- From Urdu / Hindi شکار / शिकार (shikār), from Persian شکار (shekâr). (Wiktionary)
“Where other men took ten days to the Hills, Strickland took leave for what he called shikar, put on the disguise that appealed to him at the time, stepped down into the brown crowd, and was swallowed up for a while.”
“Yesterday, Tuesday, I left the camp at dawn, and went all over the same ground, but with no better success, only seeing a couple of bara singh, hornless now, and therefore comparatively uninteresting from a "shikar" point of view.”
“The Leh scheme thus having come to naught, and our friends being still wholly intent on "shikar" to the exclusion of all other pursuits, we decided to be independent, so we hired a nice-looking boarded dounga, whose fresh and clean appearance pleased us, for a term of three months.”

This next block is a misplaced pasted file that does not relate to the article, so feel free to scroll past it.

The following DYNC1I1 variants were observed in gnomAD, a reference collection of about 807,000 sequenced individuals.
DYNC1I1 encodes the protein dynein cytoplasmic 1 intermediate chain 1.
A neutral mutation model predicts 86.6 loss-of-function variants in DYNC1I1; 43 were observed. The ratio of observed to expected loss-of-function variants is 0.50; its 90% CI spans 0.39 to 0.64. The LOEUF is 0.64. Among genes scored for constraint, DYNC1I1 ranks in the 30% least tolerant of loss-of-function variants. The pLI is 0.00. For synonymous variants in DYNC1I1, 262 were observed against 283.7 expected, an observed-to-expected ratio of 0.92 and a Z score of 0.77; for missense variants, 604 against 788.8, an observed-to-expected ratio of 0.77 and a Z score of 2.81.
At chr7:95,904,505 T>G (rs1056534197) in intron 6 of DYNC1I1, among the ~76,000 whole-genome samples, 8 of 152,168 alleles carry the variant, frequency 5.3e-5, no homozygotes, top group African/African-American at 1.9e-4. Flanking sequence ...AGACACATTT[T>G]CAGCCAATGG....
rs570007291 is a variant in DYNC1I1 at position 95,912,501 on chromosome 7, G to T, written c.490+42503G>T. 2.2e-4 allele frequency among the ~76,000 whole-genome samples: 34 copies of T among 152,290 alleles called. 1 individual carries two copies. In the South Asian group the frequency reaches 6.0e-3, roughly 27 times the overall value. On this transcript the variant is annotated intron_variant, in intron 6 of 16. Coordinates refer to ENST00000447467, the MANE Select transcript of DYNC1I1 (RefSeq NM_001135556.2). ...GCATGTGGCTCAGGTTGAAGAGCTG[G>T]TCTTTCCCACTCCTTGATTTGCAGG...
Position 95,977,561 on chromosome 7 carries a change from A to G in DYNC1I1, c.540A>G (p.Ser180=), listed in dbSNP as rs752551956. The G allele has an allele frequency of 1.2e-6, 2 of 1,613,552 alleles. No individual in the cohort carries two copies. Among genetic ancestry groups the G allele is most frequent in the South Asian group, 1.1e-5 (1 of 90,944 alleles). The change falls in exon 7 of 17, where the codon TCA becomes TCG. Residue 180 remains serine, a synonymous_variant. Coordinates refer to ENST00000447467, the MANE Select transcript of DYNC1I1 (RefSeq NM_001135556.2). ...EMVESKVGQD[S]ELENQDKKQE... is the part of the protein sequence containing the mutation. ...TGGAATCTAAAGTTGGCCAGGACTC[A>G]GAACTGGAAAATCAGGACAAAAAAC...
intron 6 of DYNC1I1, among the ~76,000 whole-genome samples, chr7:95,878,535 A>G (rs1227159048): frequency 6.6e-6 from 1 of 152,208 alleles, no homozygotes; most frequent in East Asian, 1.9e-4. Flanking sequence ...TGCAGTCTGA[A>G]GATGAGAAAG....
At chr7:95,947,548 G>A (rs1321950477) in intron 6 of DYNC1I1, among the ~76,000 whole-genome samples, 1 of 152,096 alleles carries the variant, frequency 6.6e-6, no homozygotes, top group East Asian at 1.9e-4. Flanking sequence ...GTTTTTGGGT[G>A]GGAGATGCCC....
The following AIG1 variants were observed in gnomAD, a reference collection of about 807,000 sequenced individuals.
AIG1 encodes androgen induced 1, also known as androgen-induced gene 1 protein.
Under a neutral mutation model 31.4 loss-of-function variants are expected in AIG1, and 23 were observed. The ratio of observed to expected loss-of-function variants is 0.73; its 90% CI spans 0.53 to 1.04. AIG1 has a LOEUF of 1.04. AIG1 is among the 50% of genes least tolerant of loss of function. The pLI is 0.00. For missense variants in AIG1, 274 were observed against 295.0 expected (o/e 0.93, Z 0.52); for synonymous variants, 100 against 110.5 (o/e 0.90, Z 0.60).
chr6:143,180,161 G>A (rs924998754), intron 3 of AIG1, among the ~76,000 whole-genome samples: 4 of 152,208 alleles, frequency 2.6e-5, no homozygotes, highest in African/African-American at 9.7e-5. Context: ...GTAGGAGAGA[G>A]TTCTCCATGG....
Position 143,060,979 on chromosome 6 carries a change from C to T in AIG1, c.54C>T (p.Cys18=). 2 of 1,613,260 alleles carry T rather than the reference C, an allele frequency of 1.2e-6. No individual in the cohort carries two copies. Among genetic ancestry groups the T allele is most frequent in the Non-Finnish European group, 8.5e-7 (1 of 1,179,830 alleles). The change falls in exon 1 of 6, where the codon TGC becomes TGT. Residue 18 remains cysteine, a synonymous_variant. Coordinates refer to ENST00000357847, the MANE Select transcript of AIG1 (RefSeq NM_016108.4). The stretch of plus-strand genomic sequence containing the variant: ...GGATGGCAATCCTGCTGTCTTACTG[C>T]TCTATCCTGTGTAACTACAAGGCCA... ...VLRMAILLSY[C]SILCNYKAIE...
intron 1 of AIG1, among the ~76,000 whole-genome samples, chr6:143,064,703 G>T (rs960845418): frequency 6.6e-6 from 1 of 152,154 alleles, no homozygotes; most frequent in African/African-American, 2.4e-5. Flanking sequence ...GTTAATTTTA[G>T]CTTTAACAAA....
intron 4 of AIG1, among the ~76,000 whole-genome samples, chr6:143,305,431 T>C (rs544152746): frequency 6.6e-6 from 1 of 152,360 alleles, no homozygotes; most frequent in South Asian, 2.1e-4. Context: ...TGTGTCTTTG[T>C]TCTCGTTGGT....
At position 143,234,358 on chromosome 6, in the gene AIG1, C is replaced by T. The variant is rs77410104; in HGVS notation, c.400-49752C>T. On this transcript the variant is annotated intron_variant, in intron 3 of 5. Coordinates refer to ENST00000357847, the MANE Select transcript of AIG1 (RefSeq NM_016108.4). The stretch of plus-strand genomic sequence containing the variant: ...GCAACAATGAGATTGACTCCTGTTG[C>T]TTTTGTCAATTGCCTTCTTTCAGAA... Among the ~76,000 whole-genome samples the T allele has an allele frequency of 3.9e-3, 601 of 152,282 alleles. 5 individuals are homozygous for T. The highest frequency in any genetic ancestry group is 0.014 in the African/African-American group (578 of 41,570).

“The men considered it now time to get up some "shikar," so they invented a bear.”
“Our brief experience of camping and "shikar" had proved to my wife that she was not cast in the heroic mould of a female Nimrod.”
“Unfortunately, every guide in the shikar was horribly gored, luckily I was able to climb the offending Banyan tree and escaped serious injury.”
“Himalayan shikar reserves; surveys and management proposals.”
“He knew that shikar would be extremely difficult without Skellum's guidance.”
“He was looking forward to his dinner, but he was looking forward to the shikar with Chainer even more.”
“Some dementists on shikar simply tried to see as many creatures as possible.”
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Terms that call to mind British India.
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